By default, UNIX-based systems are inherently more secure than the Windows operating system. In this article, we describe precisely why that is.
Windows is very commonplace these days, so I don’t expect the whole world to be willing to change overnight. StatCounter reports that as of March 2020, the share of operating systems goes as such:
Many software developers have invested thousands to millions of dollars in software, and Microsoft has shown no intent to share some of the vital pieces to Windows that would make other alternatives work with mainstream software. To software developers, the .NET platform is a crucial piece that is still mostly exclusive to Windows. Also, while we’re discussing Linux, I must point out that Mac OS X is also a variety of UNIX. If you want to get a salesperson nervous, show off your skills in the UNIX terminal of a Mac computer in your local computer store. I won’t be discussing Android OS in this article, but just so you know – Android is basically Linux tailored for a smartphone.
Why UNIX/Linux is a Challenge for Most Regular Users
Market share isn’t the only reason that Linux isn’t such a hit with the regular consumer. It requires you to learn a few new semantics about how the operating system works. The file system (think C: D: and the folder structure) is slightly different, and you still have to have a rudimentary understanding of the command-line. Also, the nuts and bolts of UNIX/Linux operating systems are totally different than Windows. If users are willing to learn new semantics, then Linux would probably gain a larger share of the market. Most Linux distributions are FREE as well, with no strings attached.
What makes UNIX/Linux so impenetrable is primarily the fact that everything is modular in the operating system. For example, if your graphics interface (the thing that allows you to point-and-click instead of memorizing commands) stops working, then Windows won’t let you continue. You have to boot into safe mode and find out why it’s not working.
In contrast, a Linux operating system could simply allow you to reconfigure or reinstall the graphics from the console (or terminal). Granted, you would have to learn the basic structure of a .conf file, but the learning curve isn’t too bad. It’s like learning MS-DOS syntax. A bonus: that also means that if a hacker breaks into a Linux system, there isn’t a turn-key solution to destroy the system outside of having root (primary local system administrator) access.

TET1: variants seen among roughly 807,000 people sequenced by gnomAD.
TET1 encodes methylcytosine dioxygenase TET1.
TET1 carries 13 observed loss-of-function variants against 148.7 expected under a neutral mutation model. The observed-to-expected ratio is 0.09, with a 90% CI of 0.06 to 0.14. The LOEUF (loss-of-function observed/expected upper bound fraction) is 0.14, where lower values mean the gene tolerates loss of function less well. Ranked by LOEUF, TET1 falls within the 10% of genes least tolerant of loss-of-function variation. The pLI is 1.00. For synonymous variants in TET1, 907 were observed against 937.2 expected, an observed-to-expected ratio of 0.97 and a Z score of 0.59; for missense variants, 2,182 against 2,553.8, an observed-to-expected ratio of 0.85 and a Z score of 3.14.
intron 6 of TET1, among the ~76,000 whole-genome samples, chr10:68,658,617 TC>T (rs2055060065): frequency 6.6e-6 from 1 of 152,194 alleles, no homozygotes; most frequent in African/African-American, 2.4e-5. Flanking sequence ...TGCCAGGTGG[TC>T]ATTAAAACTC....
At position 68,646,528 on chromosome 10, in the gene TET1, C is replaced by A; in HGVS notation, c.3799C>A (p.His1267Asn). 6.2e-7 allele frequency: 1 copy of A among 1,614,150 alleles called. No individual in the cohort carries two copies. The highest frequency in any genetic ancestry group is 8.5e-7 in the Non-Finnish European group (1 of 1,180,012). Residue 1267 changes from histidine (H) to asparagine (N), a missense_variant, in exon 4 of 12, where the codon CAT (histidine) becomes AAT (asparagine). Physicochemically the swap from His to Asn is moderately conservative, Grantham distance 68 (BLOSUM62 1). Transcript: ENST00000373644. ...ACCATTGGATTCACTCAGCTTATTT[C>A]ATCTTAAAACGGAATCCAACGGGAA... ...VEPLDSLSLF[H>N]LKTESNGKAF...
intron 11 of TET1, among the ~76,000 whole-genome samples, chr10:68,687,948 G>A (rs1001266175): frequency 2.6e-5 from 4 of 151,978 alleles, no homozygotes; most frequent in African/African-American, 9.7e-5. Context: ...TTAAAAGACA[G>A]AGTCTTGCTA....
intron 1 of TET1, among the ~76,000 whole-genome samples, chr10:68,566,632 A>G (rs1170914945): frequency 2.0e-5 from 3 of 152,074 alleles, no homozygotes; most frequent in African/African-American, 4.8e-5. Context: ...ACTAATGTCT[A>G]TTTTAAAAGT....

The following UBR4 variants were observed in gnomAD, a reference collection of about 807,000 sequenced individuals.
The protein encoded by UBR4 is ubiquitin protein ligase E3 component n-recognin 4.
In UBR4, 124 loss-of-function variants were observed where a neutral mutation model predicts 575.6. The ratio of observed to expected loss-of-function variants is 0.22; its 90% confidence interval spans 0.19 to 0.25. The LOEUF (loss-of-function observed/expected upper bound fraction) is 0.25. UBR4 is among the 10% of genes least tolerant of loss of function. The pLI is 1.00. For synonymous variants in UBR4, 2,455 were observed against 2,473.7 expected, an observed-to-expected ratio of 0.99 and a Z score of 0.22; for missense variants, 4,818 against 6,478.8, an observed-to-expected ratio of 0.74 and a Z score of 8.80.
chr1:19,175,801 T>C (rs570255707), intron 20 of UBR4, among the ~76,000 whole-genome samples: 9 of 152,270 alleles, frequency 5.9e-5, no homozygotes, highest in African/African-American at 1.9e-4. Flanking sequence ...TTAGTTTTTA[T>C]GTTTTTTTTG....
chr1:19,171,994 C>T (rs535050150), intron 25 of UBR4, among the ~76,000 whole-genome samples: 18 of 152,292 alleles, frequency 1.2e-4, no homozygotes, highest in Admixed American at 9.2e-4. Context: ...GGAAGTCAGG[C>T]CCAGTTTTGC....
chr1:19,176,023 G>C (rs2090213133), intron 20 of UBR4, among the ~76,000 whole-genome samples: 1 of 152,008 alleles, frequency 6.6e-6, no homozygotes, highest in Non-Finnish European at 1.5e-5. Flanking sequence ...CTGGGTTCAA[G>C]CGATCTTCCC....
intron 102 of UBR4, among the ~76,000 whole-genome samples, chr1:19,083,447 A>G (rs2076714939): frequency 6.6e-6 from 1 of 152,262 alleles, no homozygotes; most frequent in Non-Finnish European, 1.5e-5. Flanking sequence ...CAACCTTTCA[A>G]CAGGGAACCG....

Servers: They trust Linux. Why shouldn’t desktop users?
It’s true that many websites are run by Linux servers rather than Windows Servers. The Fortune 500 companies are most likely going to have Windows servers, according to W3Techs – which would make perfect sense. They probably invested thousands of dollars in Windows technology and want to keep things uniform. However, the desktop and server operating systems run on the same Windows NT (Network Technology) backend, where everything is linked to the RPC Service. If you’re not a techie, then don’t feel obligated to understand the nuts and bolts. Just know that RPC, if hijacked by a virus, would allow the hacker complete control of your system.
The Summary: Is Linux Inherently Safer than Windows?
Yes. But it still has the potential to succumb to viruses due to user mistakes. For example, you don’t want to give administrator privileges to a piece of software you’re not familiar with. The same rules apply for Linux as they do for Windows in email and Internet communication: don’t open attachments you’re not expecting, or you don’t know the sender. (Wallen, 2010)